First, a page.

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The biology and therapy of adult acute lymphoblastic leukemia
Version of Record online: 25 AUG 2003
Copyright © 2003 American Cancer Society
Volume 98, Issue 7, pages 1337–1354, 1 October 2003
How to Cite
Faderl, S., Jeha, S. and Kantarjian, H. M. (2003), The biology and therapy of adult acute lymphoblastic leukemia. Cancer, 98: 1337–1354. doi: 10.1002/cncr.11664
- Issue online: 18 SEP 2003
- Version of Record online: 25 AUG 2003
- Manuscript Accepted: 30 JUN 2003
- Manuscript Revised: 11 JUN 2003
- Manuscript Received: 3 APR 2003
- acute lymphoblastic leukemia;
- adult acute leukemias;
- Philadelphia chromosome;
- risk-adapted therapies
Much progress has been made in understanding the biology of acute lymphoblastic leukemia (ALL). This has translated into the recognition of several subgroups of ALL and the institution of risk-adapted therapies. New therapies are emerging based on the definition of specific cytogenetic-molecular abnormalities.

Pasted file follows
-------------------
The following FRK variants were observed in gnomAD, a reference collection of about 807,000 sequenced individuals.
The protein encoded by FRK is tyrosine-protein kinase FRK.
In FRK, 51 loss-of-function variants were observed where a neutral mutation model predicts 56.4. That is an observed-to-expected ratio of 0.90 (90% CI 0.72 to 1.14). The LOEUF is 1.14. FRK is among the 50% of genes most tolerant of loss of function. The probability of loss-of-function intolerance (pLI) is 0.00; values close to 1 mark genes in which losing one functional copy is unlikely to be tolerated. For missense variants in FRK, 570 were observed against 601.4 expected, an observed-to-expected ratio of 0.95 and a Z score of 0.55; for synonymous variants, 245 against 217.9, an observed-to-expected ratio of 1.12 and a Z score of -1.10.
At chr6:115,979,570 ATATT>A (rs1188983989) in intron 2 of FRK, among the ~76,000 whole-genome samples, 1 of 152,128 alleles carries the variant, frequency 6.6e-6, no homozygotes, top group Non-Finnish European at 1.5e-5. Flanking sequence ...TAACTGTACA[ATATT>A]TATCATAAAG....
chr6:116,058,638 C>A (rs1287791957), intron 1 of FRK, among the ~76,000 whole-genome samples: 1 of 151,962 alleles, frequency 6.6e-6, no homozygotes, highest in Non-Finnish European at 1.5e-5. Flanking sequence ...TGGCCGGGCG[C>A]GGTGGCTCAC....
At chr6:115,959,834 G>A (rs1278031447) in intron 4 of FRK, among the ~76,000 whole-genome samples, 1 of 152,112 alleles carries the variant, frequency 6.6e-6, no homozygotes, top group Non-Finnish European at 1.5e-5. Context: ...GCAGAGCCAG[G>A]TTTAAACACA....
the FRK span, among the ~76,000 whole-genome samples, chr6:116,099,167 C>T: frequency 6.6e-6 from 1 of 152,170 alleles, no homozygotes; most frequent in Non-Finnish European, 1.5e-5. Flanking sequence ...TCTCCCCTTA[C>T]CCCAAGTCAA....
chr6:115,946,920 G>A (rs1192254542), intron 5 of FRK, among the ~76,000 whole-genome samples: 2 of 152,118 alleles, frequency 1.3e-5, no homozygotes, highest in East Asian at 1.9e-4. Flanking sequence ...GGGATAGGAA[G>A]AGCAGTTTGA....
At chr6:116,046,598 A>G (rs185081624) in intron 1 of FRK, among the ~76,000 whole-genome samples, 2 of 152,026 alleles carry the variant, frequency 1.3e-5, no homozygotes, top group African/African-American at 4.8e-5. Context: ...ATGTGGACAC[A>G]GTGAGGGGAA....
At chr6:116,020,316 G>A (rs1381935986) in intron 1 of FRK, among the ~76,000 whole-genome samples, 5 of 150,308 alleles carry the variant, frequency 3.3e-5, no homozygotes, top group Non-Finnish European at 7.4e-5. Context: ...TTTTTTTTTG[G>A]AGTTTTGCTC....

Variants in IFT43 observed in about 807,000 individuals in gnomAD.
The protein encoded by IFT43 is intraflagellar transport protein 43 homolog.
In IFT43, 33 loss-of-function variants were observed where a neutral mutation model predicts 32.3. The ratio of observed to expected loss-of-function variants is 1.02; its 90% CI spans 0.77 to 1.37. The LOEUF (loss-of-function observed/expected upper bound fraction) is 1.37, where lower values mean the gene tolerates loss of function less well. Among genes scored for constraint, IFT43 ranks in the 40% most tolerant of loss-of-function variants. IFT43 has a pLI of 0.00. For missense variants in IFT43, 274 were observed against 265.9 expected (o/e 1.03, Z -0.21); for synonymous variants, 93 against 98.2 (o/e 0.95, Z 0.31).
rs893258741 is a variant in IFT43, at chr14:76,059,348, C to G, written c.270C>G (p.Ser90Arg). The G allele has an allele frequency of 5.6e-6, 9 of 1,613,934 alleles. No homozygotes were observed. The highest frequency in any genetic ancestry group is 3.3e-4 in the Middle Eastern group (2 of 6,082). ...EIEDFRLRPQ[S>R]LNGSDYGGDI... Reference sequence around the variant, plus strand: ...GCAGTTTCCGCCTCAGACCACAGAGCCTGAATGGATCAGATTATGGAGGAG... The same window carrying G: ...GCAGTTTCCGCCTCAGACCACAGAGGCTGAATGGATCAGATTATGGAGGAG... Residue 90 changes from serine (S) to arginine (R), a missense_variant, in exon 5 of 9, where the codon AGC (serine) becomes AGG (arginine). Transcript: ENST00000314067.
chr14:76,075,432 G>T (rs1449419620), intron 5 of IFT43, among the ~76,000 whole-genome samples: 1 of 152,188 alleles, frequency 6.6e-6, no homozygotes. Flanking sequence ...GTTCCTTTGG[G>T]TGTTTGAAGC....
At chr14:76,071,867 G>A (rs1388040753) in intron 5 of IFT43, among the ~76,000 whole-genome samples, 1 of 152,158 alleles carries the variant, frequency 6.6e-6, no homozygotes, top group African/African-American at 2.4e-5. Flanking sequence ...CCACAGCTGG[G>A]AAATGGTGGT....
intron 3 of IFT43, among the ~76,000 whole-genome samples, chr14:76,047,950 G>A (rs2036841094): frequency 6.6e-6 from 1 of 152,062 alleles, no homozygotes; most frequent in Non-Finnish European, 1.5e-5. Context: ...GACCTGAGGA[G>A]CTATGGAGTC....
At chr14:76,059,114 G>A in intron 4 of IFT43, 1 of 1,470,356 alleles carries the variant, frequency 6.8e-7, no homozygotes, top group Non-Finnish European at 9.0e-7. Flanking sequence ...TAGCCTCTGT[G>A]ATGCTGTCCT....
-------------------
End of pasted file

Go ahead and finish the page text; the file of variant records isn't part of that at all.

A review from the English literature, including original articles and related reviews from Medline (Pubmed) and abstracts based on publication of meeting material, was performed.
Changes in the pathologic classification of ALL have led to therapeutic consequences. Adaptation of successful treatment strategies in children with ALL has resulted in similar complete response rates in adults. Prognosis has especially improved in mature–B-cell and T-lineage ALL. The role of tyrosine kinase inhibitors in Philadelphia chromosome–positive ALL was evaluated in the current study. However, regardless of the ALL subgroup, long-term survival of adults is still inferior to that in children.
Intense clinical and laboratory research is attempting to close the gap in outcome between children and adults with ALL. Investigations are focusing on 1) refinement of the basic treatment stratagem of induction, consolidation, and maintenance; 2) expansion of risk-based, subgroup-oriented therapies; 3) assessment of minimal residual disease, its impact on disease recurrence, and its practical implications in clinical practice; 4) salvage strategies; 5) the role of stem cell transplantation in ALL; and 6) the development of new drugs based on a better understanding of disease biology. Cancer 2003;98:1337–54. © 2003 American Cancer Society.